The graph shows an example of what this might look like for a hypothetical 100 foot chiller. The cold water enters at 60 degrees and heats up to the temperature of the boiling wort as it travels through the chiller. The form of the equation is correct, but I basically just made up numbers as examples.

The biggest change in temperature is in the first 25 feet of the chiller. The second 25 feet is useful, but not as much as the first 25. The last 50 feet are not particularly useful. I have a 25 foot immersion chiller. My chiller water exits the chiller significantly cooler than the wort, but hot enough to get the job done. If I had a 50 foot chiller, it would come out slightly cooler than the wort. If I had a hundred foot chiller, I would be wasting my money.

In an immersion chiller length is not the only factor. More water can flow through a larger diameter pipe, but the heat transferred per unit of water is lower. This generally means you cool your wort quicker, but you use more water. Convoluted piping has slightly more resistance to water flow, but considerably better heat transfer. Usually this is a net win. Running a coiled wire inside your tube is a poor mans way of getting the effects of convolution. Stirring your wort continually while the chiller is running can improve your efficiency, but also means you will have more trub in your fermentor.

A counterflow heat exchanger is the most efficient type of exchanger. This quora answer does a pretty good job explaining why. I recently switched to all grain brewing, which requires a full boil, and therefore more cooling power. My next project is to convert the copper tube I call an immersion chiller into a counter flow heat exchanger. When I priced out all of the fittings and tools, I found it would be a little more expensive than buying another 25 feet of copper pipe.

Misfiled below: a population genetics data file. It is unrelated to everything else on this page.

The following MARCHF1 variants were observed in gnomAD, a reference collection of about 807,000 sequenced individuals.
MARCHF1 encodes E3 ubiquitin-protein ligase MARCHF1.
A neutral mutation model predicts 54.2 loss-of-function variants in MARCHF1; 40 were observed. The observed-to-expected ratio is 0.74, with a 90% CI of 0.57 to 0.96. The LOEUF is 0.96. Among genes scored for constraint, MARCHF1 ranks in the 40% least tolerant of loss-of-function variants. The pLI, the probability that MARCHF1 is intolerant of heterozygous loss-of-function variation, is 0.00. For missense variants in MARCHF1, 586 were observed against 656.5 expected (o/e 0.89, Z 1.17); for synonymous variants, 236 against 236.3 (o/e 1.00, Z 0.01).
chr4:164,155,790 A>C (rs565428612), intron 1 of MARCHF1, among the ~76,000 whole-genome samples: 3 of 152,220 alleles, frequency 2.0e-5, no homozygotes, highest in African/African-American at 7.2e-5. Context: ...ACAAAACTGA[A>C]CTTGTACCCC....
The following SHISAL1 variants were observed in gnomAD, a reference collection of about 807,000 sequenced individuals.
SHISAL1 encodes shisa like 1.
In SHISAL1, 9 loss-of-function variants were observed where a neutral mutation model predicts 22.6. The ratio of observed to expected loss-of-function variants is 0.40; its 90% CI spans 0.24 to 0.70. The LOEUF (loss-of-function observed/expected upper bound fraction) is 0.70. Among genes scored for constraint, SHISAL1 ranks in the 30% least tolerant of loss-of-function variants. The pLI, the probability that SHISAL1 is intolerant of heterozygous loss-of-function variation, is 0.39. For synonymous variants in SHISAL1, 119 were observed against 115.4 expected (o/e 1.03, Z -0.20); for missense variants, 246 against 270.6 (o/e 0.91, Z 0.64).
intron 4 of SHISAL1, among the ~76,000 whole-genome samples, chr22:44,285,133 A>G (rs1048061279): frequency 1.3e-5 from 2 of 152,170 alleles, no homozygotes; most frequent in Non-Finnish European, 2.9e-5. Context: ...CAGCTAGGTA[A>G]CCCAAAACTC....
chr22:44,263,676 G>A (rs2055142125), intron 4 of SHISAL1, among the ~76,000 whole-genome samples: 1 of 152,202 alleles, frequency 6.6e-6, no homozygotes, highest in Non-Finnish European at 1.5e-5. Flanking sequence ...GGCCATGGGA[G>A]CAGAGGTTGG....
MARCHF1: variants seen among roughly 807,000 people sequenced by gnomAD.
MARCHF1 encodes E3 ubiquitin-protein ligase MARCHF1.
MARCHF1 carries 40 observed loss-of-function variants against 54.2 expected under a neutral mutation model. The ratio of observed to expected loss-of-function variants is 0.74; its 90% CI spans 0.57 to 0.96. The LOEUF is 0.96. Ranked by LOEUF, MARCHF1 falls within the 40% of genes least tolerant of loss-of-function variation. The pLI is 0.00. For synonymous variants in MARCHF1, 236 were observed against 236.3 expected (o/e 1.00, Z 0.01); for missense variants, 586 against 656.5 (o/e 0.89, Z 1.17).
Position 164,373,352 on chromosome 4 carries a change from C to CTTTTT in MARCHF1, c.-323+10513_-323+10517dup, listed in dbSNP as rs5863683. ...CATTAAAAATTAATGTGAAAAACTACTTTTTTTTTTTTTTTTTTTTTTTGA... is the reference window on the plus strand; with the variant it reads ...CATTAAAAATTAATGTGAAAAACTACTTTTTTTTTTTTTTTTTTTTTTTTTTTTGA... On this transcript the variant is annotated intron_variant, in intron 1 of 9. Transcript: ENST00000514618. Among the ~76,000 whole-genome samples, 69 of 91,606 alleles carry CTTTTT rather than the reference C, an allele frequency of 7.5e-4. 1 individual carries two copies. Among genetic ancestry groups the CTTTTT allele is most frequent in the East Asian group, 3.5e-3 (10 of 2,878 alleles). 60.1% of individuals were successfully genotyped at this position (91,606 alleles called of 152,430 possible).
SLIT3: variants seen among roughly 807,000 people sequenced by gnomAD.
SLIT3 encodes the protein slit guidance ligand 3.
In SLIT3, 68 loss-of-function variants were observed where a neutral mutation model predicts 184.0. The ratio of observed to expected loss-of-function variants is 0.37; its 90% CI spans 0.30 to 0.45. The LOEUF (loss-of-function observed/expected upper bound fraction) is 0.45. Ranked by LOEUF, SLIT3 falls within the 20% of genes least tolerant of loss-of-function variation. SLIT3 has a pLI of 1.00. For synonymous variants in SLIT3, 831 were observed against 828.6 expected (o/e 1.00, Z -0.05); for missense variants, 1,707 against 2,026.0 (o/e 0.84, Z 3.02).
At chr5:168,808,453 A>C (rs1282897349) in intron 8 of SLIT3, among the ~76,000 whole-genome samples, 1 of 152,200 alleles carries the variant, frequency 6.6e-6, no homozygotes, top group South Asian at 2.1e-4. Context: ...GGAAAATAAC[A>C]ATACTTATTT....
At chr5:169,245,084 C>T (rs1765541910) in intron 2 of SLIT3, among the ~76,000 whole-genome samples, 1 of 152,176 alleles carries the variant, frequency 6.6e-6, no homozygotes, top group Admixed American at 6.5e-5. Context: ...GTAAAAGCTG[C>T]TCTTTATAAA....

• Nice explanation. So if I understand, the smaller diameter pipe I use, the shorter my chiller can be. If I use a larger diameter pipe, the chiller should be longer since the heat transfer will be lower. That makes sense. Jul 7, 2017 at 15:40
• @Phillippe Not quite right. I reworded to make more clear. When you use a larger pipe, the water flow becomes smoother and quicker, which is bad for efficiency. However you are increasing your input, so the decrease in efficiency is outweighed by the increase in total power. Jul 7, 2017 at 16:34

In theory yes, but for most if not all homebrewers it's technically not feasible. Why? The total heat exchange, in this case, is a sum of heat exchanged by conduction and convection. The conduction part, roughly saying, is only a function of coil material , temperature difference between the surface and the bulk fluid (dT), surface area and specific heat coefficient of the liquid flowing through the chiller. The convection portion is a function of surface area, dT and convective heat transfer coefficient. The last one is a function of velocity (m/s) of the liquid. So, increasing the velocity of the liquid being pumped through the chiller will increase the transfer of heat.